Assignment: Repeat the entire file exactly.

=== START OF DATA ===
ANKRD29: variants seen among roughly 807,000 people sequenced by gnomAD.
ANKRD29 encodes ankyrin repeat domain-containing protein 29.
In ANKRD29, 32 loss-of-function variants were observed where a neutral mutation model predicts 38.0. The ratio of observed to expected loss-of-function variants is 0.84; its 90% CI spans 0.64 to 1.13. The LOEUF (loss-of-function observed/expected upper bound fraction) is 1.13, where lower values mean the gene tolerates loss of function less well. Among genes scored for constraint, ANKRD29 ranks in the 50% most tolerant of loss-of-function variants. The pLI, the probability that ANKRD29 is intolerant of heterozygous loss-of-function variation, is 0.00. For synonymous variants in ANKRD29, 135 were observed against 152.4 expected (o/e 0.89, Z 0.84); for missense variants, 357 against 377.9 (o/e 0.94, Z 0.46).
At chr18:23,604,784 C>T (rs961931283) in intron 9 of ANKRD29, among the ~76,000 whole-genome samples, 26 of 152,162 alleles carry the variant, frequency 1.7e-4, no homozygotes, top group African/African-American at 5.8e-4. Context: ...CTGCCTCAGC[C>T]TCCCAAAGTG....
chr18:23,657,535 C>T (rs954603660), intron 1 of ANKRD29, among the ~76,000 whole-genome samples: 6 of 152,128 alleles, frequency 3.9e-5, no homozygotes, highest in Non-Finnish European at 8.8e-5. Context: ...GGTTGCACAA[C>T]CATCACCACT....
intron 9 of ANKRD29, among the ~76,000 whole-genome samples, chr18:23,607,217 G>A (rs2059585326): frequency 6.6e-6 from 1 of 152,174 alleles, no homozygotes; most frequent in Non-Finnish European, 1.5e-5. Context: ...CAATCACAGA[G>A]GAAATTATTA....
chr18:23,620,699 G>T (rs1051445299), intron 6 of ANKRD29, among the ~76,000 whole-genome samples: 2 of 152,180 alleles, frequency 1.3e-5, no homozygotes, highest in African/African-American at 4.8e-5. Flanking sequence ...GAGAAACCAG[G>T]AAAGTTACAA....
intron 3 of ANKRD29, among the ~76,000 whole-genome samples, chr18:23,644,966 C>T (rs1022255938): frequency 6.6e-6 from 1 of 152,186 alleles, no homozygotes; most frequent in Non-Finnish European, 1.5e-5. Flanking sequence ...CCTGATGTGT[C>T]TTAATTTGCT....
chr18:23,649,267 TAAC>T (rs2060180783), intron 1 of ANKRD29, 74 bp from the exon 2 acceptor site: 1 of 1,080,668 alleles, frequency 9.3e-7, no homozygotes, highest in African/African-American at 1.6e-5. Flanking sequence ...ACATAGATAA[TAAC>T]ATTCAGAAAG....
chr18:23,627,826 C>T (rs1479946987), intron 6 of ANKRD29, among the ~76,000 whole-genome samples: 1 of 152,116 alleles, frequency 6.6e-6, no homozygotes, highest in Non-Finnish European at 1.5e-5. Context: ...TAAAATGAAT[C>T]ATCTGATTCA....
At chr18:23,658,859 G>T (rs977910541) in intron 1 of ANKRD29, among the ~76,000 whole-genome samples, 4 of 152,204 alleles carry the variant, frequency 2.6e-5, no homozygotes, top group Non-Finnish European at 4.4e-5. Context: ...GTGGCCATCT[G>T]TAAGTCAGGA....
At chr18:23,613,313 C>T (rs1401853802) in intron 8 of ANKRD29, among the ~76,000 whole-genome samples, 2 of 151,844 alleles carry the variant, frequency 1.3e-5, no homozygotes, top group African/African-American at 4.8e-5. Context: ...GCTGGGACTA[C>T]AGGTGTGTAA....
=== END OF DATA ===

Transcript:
ANKRD29: variants seen among roughly 807,000 people sequenced by gnomAD.
ANKRD29 encodes ankyrin repeat domain-containing protein 29.
In ANKRD29, 32 loss-of-function variants were observed where a neutral mutation model predicts 38.0. The ratio of observed to expected loss-of-function variants is 0.84; its 90% CI spans 0.64 to 1.13. The LOEUF (loss-of-function observed/expected upper bound fraction) is 1.13, where lower values mean the gene tolerates loss of function less well. Among genes scored for constraint, ANKRD29 ranks in the 50% most tolerant of loss-of-function variants. The pLI, the probability that ANKRD29 is intolerant of heterozygous loss-of-function variation, is 0.00. For synonymous variants in ANKRD29, 135 were observed against 152.4 expected (o/e 0.89, Z 0.84); for missense variants, 357 against 377.9 (o/e 0.94, Z 0.46).
At chr18:23,604,784 C>T (rs961931283) in intron 9 of ANKRD29, among the ~76,000 whole-genome samples, 26 of 152,162 alleles carry the variant, frequency 1.7e-4, no homozygotes, top group African/African-American at 5.8e-4. Context: ...CTGCCTCAGC[C>T]TCCCAAAGTG....
chr18:23,657,535 C>T (rs954603660), intron 1 of ANKRD29, among the ~76,000 whole-genome samples: 6 of 152,128 alleles, frequency 3.9e-5, no homozygotes, highest in Non-Finnish European at 8.8e-5. Context: ...GGTTGCACAA[C>T]CATCACCACT....
intron 9 of ANKRD29, among the ~76,000 whole-genome samples, chr18:23,607,217 G>A (rs2059585326): frequency 6.6e-6 from 1 of 152,174 alleles, no homozygotes; most frequent in Non-Finnish European, 1.5e-5. Context: ...CAATCACAGA[G>A]GAAATTATTA....
chr18:23,620,699 G>T (rs1051445299), intron 6 of ANKRD29, among the ~76,000 whole-genome samples: 2 of 152,180 alleles, frequency 1.3e-5, no homozygotes, highest in African/African-American at 4.8e-5. Flanking sequence ...GAGAAACCAG[G>T]AAAGTTACAA....
intron 3 of ANKRD29, among the ~76,000 whole-genome samples, chr18:23,644,966 C>T (rs1022255938): frequency 6.6e-6 from 1 of 152,186 alleles, no homozygotes; most frequent in Non-Finnish European, 1.5e-5. Flanking sequence ...CCTGATGTGT[C>T]TTAATTTGCT....
chr18:23,649,267 TAAC>T (rs2060180783), intron 1 of ANKRD29, 74 bp from the exon 2 acceptor site: 1 of 1,080,668 alleles, frequency 9.3e-7, no homozygotes, highest in African/African-American at 1.6e-5. Flanking sequence ...ACATAGATAA[TAAC>T]ATTCAGAAAG....
chr18:23,627,826 C>T (rs1479946987), intron 6 of ANKRD29, among the ~76,000 whole-genome samples: 1 of 152,116 alleles, frequency 6.6e-6, no homozygotes, highest in Non-Finnish European at 1.5e-5. Context: ...TAAAATGAAT[C>T]ATCTGATTCA....
At chr18:23,658,859 G>T (rs977910541) in intron 1 of ANKRD29, among the ~76,000 whole-genome samples, 4 of 152,204 alleles carry the variant, frequency 2.6e-5, no homozygotes, top group Non-Finnish European at 4.4e-5. Context: ...GTGGCCATCT[G>T]TAAGTCAGGA....
At chr18:23,613,313 C>T (rs1401853802) in intron 8 of ANKRD29, among the ~76,000 whole-genome samples, 2 of 151,844 alleles carry the variant, frequency 1.3e-5, no homozygotes, top group African/African-American at 4.8e-5. Context: ...GCTGGGACTA[C>T]AGGTGTGTAA....